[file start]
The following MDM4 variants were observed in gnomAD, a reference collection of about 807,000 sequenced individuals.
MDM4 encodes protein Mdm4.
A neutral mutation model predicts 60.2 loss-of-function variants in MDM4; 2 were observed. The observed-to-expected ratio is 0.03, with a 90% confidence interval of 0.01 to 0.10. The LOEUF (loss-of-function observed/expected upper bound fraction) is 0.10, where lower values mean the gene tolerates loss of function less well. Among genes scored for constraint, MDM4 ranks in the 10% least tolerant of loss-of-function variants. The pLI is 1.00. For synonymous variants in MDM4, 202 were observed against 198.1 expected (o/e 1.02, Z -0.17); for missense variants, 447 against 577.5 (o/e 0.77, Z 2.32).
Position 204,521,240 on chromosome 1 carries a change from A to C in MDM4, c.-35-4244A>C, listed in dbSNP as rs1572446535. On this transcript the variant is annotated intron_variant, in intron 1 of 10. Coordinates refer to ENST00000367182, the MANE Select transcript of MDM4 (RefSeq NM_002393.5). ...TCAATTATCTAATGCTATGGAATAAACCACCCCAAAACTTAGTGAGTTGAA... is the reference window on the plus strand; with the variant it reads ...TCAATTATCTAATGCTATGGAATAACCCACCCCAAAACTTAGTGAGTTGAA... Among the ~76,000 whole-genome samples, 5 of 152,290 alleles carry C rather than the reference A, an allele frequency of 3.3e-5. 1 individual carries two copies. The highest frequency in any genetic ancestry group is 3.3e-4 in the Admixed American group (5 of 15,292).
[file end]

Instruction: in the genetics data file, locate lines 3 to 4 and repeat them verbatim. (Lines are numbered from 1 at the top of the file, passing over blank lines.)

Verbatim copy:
A neutral mutation model predicts 60.2 loss-of-function variants in MDM4; 2 were observed. The observed-to-expected ratio is 0.03, with a 90% confidence interval of 0.01 to 0.10. The LOEUF (loss-of-function observed/expected upper bound fraction) is 0.10, where lower values mean the gene tolerates loss of function less well. Among genes scored for constraint, MDM4 ranks in the 10% least tolerant of loss-of-function variants. The pLI is 1.00. For synonymous variants in MDM4, 202 were observed against 198.1 expected (o/e 1.02, Z -0.17); for missense variants, 447 against 577.5 (o/e 0.77, Z 2.32).
Position 204,521,240 on chromosome 1 carries a change from A to C in MDM4, c.-35-4244A>C, listed in dbSNP as rs1572446535. On this transcript the variant is annotated intron_variant, in intron 1 of 10. Coordinates refer to ENST00000367182, the MANE Select transcript of MDM4 (RefSeq NM_002393.5). ...TCAATTATCTAATGCTATGGAATAAACCACCCCAAAACTTAGTGAGTTGAA... is the reference window on the plus strand; with the variant it reads ...TCAATTATCTAATGCTATGGAATAACCCACCCCAAAACTTAGTGAGTTGAA... Among the ~76,000 whole-genome samples, 5 of 152,290 alleles carry C rather than the reference A, an allele frequency of 3.3e-5. 1 individual carries two copies. The highest frequency in any genetic ancestry group is 3.3e-4 in the Admixed American group (5 of 15,292).